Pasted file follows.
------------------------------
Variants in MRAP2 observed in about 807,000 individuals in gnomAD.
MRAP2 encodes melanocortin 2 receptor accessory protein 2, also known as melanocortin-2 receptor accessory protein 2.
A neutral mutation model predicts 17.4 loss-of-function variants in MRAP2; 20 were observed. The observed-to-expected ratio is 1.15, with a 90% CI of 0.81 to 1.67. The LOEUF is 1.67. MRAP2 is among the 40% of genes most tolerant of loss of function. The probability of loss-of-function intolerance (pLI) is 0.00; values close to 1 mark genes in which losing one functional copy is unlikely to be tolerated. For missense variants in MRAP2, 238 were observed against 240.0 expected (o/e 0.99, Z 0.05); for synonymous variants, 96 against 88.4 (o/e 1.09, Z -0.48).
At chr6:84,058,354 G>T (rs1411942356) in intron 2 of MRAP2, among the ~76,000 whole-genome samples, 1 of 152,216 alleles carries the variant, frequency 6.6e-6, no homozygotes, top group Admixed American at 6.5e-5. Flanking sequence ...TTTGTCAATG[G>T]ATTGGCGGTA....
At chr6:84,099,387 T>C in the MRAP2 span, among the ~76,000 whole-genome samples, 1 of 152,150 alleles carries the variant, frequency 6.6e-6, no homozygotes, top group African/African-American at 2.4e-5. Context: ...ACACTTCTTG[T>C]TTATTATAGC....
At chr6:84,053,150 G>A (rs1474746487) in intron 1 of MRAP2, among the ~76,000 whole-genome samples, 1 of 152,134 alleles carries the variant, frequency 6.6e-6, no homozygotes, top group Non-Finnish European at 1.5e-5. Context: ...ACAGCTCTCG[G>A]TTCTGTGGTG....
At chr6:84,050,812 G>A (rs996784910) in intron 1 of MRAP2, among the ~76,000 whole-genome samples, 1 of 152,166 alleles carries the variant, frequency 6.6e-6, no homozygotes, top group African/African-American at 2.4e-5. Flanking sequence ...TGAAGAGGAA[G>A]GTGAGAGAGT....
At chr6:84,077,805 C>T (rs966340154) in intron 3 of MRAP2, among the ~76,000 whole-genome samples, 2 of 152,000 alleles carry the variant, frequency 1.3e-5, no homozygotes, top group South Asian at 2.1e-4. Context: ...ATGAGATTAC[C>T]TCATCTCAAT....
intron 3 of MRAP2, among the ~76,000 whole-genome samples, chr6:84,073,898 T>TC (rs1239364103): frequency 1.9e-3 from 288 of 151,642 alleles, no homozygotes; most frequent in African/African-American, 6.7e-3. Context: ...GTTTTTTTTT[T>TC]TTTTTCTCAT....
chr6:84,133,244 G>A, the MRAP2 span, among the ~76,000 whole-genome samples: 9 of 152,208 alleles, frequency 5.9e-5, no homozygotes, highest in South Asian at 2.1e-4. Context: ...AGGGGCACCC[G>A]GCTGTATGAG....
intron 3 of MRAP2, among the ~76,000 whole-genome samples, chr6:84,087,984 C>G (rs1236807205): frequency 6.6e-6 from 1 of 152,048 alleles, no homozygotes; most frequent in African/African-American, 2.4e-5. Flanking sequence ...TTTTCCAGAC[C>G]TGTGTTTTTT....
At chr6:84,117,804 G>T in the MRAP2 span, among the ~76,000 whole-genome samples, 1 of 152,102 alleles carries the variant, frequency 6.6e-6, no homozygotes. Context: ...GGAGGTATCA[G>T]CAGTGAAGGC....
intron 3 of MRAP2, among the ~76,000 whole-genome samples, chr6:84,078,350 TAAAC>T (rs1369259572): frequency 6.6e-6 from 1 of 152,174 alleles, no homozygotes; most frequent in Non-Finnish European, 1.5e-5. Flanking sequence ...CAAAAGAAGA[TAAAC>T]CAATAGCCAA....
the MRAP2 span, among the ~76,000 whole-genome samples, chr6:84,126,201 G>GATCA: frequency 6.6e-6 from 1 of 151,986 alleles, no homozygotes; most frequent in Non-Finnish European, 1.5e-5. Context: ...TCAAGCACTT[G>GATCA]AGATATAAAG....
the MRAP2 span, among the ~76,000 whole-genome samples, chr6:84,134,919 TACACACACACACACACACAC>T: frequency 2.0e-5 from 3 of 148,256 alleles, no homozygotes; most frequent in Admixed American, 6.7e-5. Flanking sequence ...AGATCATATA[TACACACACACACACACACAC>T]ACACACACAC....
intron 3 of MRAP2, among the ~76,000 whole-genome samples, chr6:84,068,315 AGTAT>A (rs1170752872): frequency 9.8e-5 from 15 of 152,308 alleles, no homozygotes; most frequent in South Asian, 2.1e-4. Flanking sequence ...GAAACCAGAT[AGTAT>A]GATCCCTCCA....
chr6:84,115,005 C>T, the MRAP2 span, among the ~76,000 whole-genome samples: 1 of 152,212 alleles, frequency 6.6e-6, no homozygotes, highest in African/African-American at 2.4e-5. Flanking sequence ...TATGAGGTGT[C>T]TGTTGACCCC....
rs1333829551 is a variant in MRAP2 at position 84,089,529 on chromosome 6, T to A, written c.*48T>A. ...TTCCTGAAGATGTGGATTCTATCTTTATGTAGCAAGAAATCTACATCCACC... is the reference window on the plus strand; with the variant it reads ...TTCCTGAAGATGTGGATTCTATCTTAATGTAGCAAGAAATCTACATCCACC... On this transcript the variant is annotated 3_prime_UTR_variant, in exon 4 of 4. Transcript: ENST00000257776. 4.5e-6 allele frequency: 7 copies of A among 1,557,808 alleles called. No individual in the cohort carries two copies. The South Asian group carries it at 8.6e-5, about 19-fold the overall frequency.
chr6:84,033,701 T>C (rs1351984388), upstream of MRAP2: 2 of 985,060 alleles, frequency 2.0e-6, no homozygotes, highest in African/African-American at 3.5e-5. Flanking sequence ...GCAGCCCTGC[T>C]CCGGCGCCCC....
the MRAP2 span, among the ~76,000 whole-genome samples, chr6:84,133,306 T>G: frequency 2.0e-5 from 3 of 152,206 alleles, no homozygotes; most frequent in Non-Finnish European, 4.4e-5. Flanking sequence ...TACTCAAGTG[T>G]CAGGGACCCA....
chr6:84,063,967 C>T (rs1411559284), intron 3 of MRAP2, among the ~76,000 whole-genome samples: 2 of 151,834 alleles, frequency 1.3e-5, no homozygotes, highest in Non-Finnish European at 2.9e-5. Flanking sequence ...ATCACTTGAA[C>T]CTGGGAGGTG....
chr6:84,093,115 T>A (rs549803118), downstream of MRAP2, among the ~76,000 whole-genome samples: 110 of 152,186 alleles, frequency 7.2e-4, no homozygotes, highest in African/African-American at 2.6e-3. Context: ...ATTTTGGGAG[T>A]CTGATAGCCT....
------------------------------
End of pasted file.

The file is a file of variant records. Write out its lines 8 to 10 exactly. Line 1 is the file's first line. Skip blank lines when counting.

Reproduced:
At chr6:84,077,805 C>T (rs966340154) in intron 3 of MRAP2, among the ~76,000 whole-genome samples, 2 of 152,000 alleles carry the variant, frequency 1.3e-5, no homozygotes, top group South Asian at 2.1e-4. Context: ...ATGAGATTAC[C>T]TCATCTCAAT....
intron 3 of MRAP2, among the ~76,000 whole-genome samples, chr6:84,073,898 T>TC (rs1239364103): frequency 1.9e-3 from 288 of 151,642 alleles, no homozygotes; most frequent in African/African-American, 6.7e-3. Context: ...GTTTTTTTTT[T>TC]TTTTTCTCAT....
chr6:84,133,244 G>A, the MRAP2 span, among the ~76,000 whole-genome samples: 9 of 152,208 alleles, frequency 5.9e-5, no homozygotes, highest in South Asian at 2.1e-4. Context: ...AGGGGCACCC[G>A]GCTGTATGAG....